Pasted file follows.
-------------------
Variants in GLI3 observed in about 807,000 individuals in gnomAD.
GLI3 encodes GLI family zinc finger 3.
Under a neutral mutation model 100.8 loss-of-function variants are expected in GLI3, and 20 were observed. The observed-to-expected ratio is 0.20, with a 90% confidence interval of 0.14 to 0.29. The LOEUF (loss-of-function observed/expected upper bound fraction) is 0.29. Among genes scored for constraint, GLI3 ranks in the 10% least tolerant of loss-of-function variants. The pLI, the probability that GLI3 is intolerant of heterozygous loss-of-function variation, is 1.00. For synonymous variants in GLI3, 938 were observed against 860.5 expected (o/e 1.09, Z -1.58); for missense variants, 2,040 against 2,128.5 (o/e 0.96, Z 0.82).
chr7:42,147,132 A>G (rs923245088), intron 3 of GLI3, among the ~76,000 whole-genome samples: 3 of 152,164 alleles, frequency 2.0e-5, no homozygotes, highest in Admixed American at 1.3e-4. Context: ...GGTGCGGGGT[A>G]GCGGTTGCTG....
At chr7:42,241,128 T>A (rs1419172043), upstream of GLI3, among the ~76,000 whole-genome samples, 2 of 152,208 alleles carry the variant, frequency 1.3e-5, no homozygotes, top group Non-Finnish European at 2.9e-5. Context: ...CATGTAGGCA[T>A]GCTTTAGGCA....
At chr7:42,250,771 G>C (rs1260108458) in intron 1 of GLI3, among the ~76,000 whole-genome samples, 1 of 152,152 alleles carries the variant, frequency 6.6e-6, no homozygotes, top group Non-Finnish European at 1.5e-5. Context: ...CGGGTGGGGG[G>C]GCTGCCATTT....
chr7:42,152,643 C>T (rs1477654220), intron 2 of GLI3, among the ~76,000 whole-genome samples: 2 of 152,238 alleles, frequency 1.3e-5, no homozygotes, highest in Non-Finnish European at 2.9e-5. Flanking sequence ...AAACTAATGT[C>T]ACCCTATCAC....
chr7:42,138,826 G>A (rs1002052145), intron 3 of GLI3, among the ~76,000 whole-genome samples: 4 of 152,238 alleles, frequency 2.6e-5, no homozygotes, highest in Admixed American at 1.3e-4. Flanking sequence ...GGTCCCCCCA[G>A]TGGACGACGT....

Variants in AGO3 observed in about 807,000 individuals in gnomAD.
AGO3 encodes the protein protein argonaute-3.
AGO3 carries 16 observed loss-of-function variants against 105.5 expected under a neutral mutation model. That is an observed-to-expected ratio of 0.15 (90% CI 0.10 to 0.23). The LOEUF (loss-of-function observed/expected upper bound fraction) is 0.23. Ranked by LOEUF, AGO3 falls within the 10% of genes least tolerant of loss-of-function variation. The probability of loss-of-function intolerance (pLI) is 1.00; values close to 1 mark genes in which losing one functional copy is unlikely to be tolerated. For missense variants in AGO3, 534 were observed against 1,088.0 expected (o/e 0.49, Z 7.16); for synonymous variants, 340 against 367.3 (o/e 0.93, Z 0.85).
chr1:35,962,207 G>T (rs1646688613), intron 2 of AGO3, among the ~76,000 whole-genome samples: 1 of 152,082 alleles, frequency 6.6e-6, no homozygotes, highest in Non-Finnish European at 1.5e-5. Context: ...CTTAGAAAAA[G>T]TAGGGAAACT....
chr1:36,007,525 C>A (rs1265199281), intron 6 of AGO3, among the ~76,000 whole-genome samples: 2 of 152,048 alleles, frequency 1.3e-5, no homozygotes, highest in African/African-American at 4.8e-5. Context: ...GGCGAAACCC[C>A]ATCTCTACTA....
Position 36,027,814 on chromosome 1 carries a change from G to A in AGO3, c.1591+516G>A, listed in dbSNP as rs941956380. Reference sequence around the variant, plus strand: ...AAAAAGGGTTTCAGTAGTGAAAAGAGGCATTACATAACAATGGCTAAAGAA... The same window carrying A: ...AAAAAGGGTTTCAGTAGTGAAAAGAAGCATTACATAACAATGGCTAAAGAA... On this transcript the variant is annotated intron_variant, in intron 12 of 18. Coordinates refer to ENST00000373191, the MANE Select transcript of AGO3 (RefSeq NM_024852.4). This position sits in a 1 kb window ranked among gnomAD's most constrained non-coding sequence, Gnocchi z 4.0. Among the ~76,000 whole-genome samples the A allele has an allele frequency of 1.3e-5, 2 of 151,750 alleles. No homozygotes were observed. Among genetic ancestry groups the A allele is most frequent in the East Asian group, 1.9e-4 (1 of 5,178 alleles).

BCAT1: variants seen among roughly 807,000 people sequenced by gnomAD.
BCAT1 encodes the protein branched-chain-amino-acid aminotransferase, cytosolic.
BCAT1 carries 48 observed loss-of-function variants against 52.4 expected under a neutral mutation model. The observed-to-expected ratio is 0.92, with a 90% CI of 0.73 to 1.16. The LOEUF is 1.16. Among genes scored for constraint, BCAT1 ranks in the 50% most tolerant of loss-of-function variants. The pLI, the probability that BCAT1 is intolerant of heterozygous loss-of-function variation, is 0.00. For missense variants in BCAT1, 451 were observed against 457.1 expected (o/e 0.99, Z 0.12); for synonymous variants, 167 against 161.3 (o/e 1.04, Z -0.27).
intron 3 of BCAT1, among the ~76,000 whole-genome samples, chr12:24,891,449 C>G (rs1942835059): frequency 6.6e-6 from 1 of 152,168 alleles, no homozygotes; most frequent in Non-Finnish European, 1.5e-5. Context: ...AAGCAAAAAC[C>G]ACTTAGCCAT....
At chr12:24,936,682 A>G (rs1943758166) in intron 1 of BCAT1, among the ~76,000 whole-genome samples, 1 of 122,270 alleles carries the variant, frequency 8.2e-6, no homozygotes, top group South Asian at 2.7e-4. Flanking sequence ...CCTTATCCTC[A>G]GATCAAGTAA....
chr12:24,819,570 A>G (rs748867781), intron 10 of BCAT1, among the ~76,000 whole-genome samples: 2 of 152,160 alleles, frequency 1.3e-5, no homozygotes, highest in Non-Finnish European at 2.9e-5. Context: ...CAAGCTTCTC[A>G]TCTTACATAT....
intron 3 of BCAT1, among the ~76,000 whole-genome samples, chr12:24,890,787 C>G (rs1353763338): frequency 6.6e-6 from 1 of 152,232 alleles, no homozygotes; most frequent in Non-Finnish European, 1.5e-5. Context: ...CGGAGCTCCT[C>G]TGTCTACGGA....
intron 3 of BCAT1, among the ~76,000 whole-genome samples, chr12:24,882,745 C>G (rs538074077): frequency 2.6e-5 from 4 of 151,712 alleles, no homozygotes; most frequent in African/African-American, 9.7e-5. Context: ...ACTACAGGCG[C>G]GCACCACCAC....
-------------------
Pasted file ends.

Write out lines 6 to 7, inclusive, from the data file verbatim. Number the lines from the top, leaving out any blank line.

At chr7:42,250,771 G>C (rs1260108458) in intron 1 of GLI3, among the ~76,000 whole-genome samples, 1 of 152,152 alleles carries the variant, frequency 6.6e-6, no homozygotes, top group Non-Finnish European at 1.5e-5. Context: ...CGGGTGGGGG[G>C]GCTGCCATTT....
chr7:42,152,643 C>T (rs1477654220), intron 2 of GLI3, among the ~76,000 whole-genome samples: 2 of 152,238 alleles, frequency 1.3e-5, no homozygotes, highest in Non-Finnish European at 2.9e-5. Flanking sequence ...AAACTAATGT[C>T]ACCCTATCAC....